30 September 2017

Engine Trouble

Talk about a disastrous tournament! If this crosstable is too small to read, all you have to know is that my result is shown on the last line, the one with all the zeroes.


LSS: FC-2015-F-00001

A few months ago I used the red rectangle gimmick in another post, Correspondence Chess and Chess960 (May 2017), where I explained,

This observation indicates that the top players used more advanced hardware (and perhaps software) than the others. Their engine setups are all calculating roughly the same variations, so it's difficult to get an advantage over each other. The [others] used less advanced setups that couldn't keep up with the top players. In other words, correspondence chess has evolved to the point where the players have little to add to the chess content of the games. Their role is to pursue a more powerful environment for their engines. What can be learned about chess960 from this?

That's all very nice, but how did I manage to finish with such a poor result (and lose 100 rating points in a single event)? It was through an unfortunate combination of several factors.

Strong opponents. The tournament was the final section of the LSS 2015 Chess960 Championship, a three-stage elimination tournament. All of the players, including me, finished first or second in both a preliminary tournament and a semifinal tournament. The eventual winner also won the site's 2014 Chess960 Championship. I had played him in four previous chess960 games, achieving a total score of +0-3=1.

Insufficient engine power. Although I follow the evolution of chess engines, I make no effort to maintain a state-of-the-art setup. The PC I use to run the engines (I use several PCs and several engines for different tasks) is now seven years old and the engines are between three and five years old. Once in a while I'll upgrade something, but it's never a priority. The outcome is easy to foresee: if my engine is calculating to a depth of N ply, while my opponent's engine is calculating to N+5 ply, I will eventually be out-calculated.

Too many games. At the same time I started the ten games shown in the crosstable, I started six games in the 2016 semifinal tournament. These were on top of another six games that were already in progress. Normally, I make up for my weakness in engine power by working hard on the games, but this only works for a small number of games, around 10-12 maximum. I play correspondence chess to improve my overall chess ability, which requires that I choose the moves myself rather than let an engine do it for me.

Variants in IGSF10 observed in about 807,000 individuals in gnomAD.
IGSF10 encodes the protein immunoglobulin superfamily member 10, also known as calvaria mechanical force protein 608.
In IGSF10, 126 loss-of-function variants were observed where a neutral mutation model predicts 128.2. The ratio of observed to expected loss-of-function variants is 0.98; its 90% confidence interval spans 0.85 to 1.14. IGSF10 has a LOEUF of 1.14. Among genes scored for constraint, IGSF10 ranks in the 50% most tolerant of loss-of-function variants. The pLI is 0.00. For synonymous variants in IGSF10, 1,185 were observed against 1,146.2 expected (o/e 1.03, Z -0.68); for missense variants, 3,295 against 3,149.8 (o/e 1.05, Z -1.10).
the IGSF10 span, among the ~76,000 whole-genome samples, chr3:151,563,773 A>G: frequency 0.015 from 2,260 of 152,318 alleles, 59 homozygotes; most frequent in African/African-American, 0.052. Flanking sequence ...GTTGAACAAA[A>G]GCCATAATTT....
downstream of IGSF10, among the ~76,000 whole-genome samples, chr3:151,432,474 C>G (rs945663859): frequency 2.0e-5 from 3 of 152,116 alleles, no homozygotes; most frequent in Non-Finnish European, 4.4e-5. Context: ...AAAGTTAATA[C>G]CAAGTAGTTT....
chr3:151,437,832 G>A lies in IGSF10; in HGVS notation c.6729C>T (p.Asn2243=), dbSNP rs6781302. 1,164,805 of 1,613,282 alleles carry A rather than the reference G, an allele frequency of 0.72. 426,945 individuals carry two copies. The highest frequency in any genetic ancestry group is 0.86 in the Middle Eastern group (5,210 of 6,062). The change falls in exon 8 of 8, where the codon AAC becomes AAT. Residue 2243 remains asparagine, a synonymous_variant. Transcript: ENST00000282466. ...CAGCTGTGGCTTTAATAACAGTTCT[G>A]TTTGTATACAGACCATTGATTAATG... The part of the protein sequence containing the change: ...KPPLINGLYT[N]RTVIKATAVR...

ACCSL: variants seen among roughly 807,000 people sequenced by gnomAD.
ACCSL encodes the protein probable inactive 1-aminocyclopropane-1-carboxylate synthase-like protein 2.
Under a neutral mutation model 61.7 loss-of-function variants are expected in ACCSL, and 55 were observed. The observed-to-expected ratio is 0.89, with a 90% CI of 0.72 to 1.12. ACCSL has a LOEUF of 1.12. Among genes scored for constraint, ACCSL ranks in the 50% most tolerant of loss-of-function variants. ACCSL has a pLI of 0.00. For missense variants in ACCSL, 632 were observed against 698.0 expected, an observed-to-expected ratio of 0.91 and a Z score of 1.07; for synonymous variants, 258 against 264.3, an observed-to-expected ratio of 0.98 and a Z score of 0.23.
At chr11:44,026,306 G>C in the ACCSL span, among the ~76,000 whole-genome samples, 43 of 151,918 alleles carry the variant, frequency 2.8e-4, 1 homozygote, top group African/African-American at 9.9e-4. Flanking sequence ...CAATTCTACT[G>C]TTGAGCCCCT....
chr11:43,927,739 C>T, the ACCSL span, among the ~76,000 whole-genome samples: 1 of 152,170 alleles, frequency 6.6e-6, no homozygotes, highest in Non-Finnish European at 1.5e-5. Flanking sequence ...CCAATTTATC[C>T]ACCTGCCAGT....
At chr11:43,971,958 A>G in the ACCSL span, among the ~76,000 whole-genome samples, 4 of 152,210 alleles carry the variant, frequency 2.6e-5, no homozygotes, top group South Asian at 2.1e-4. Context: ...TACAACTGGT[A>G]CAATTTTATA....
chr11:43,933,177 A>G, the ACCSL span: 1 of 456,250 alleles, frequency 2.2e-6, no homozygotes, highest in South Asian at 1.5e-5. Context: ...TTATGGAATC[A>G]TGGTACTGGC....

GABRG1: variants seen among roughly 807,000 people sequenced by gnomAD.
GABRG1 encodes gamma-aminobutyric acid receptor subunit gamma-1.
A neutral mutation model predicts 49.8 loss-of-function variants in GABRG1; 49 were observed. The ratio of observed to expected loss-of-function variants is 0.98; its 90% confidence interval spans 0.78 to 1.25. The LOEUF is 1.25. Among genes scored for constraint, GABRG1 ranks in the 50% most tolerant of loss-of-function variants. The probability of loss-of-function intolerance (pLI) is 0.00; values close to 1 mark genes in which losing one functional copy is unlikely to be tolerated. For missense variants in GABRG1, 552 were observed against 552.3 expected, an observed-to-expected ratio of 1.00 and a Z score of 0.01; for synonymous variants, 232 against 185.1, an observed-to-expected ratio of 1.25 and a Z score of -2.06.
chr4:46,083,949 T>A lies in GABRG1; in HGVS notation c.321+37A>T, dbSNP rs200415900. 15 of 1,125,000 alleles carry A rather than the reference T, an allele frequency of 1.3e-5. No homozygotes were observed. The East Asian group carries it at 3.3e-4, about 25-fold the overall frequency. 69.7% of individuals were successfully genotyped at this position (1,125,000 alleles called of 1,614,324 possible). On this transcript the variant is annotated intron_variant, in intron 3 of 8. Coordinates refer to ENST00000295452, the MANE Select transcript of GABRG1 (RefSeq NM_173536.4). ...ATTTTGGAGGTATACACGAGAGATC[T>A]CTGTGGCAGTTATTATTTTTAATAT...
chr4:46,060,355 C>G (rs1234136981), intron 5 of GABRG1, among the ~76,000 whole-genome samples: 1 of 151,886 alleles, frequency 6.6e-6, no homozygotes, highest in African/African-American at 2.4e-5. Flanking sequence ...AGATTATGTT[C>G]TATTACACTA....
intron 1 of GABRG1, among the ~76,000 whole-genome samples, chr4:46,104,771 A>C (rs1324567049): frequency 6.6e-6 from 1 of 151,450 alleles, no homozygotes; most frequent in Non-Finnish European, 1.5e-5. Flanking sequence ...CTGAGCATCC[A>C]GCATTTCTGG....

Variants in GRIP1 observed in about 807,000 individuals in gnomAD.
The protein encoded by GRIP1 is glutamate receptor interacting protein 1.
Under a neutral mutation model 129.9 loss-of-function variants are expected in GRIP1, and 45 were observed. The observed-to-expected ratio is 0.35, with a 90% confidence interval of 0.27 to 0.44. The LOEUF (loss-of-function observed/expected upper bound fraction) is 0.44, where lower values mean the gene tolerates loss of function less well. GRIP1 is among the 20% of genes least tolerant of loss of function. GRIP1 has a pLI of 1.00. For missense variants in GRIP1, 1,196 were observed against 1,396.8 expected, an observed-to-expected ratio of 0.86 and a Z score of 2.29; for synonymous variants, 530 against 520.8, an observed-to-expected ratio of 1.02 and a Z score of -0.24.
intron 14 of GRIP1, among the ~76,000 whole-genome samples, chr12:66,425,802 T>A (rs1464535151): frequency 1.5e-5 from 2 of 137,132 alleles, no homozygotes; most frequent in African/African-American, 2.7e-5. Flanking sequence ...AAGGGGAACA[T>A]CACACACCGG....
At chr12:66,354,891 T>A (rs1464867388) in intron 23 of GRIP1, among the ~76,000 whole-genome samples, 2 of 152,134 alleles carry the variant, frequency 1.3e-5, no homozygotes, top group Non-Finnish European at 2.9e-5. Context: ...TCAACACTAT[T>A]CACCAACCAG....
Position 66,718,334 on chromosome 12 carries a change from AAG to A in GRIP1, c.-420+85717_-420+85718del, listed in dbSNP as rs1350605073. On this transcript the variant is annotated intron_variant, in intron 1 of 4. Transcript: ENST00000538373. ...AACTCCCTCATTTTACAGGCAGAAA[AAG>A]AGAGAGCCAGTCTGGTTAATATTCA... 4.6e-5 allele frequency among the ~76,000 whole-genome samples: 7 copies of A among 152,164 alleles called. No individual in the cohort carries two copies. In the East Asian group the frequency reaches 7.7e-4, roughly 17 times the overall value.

Fast time control. The LSS chess960 games use a countdown time control, which I last discussed in Passive vs. Active Play (May 2015). I try to play these games at the rhythm of a move per day, but with so many games, I end up spending 2-3 days per move (and still getting bad positions).

Too many vacations! The LSS chess960 rules only allow two weeks vacation per tournament, but my wife had scheduled five weeks vacation during the time the tournament was to be held. I used a couple of LSS vacation days at the beginning and end of each real vacation, but sometimes 3-4 vacation days would slide by without any work on my games. There are too many other things to do on vacation besides playing chess.

I should have declined the opportunity to play so many games in these circumstances against good players, but I wanted to see if I could handle the pressure. I set myself the goals of finishing with an even score in the 2015 final and of qualifying from the 2016 semifinal. I failed miserably on the first goal, but succeeded on the second. The 2016 final tournament starts soon, but I probably won't participate. I've taken enough psychological punishment for one year. No one likes to lose!